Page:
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Thread: .270 WSM enough for interior/mountain grizzly?

  1. #1
    Member c04hoosier's Avatar
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    Default .270 WSM enough for interior/mountain grizzly?

    All,

    I'm considering buying a new sheep rifle for this fall. I'm looking at a Tikka T3 Lite in .270 WSM. However, I also will be looking for a grizzly on the same hunt. What do some of you experienced bear slayers think about the effectiveness of the .270 WSM on interior grizzlies? I would probably use something along the lines of a 140 grain Barnes Tipped Triple Shock bullet. Do you think this combo would suffice? If not, I could step up to the .300 WSM or .300 Win Mag but I already have a .300 Weatherby (definitely NOT a lightweight sheep rifle) and would like to diversify caliber-wise. But the ethical obligation to make a clean kill takes precedence, of course. Not to mention making sure he goes down before he can take me down What do you all think?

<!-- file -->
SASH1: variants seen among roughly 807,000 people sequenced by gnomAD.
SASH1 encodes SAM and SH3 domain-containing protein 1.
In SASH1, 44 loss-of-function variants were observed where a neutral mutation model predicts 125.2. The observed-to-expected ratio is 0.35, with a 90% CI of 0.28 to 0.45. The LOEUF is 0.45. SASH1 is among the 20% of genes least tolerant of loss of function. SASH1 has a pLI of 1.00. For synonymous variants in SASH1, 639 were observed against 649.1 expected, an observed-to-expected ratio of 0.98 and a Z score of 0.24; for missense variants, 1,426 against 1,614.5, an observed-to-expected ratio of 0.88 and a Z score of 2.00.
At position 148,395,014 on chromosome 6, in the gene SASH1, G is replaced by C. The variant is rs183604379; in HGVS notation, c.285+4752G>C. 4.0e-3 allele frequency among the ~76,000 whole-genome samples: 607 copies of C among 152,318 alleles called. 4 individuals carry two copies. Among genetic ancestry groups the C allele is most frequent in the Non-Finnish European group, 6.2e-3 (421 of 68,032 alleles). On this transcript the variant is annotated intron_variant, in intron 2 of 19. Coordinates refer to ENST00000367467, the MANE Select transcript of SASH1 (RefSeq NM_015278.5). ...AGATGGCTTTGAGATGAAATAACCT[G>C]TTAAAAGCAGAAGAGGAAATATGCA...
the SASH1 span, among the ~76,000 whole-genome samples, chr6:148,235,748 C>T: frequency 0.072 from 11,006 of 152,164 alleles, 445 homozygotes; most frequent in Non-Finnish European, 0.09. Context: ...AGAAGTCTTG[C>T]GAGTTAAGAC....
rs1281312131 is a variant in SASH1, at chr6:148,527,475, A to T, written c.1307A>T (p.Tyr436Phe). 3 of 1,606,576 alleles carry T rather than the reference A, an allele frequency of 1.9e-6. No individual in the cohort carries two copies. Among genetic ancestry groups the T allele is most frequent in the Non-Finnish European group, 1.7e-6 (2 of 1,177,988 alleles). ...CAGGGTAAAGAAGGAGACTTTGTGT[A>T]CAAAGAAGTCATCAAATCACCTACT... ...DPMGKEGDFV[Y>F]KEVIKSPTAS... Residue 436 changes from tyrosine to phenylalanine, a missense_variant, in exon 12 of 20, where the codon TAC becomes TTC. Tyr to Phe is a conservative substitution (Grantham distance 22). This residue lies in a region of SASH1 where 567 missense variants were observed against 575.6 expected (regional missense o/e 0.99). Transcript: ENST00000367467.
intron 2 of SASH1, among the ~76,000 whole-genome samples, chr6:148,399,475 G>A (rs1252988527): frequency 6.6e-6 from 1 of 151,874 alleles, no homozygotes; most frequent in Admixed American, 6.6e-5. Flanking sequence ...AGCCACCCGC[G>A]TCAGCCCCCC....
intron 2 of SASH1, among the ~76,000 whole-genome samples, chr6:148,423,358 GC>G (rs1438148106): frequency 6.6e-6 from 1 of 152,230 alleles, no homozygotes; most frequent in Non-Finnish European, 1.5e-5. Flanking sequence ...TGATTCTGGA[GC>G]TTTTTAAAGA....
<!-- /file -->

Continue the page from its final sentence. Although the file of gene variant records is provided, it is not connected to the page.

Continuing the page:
2. #2
    Member BRWNBR's Avatar
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    Default

    ohh geez...lol
    it'll work..yes
    is it the best or even good...no
    i'd go with the .300 even for the sheep, i like heavier bullets
    all that being said (not that it was much), my first brownie i shot with a .270 and 140 noslers, knocked it right down, twice. i like to shoot alot, no one shot wonders for me. when i start shooting i heat the barrell up, no point in packing out ammo too.
    it'll work and i'd feel confident using one, just be ready to shoot again and again..but thats typical with any gun.
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    Moderator LuJon's Avatar
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    Default

    Why not step up to a light weight 30-06? They can shoot the heavier 30 cal bullets and still be lightend up for mountain work.

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    Default use it

    if you are confident in the gun and you're shot placement. I'll concur with BRWNBR that a larger calibre is better, but your's will work-shot placement

  5. #5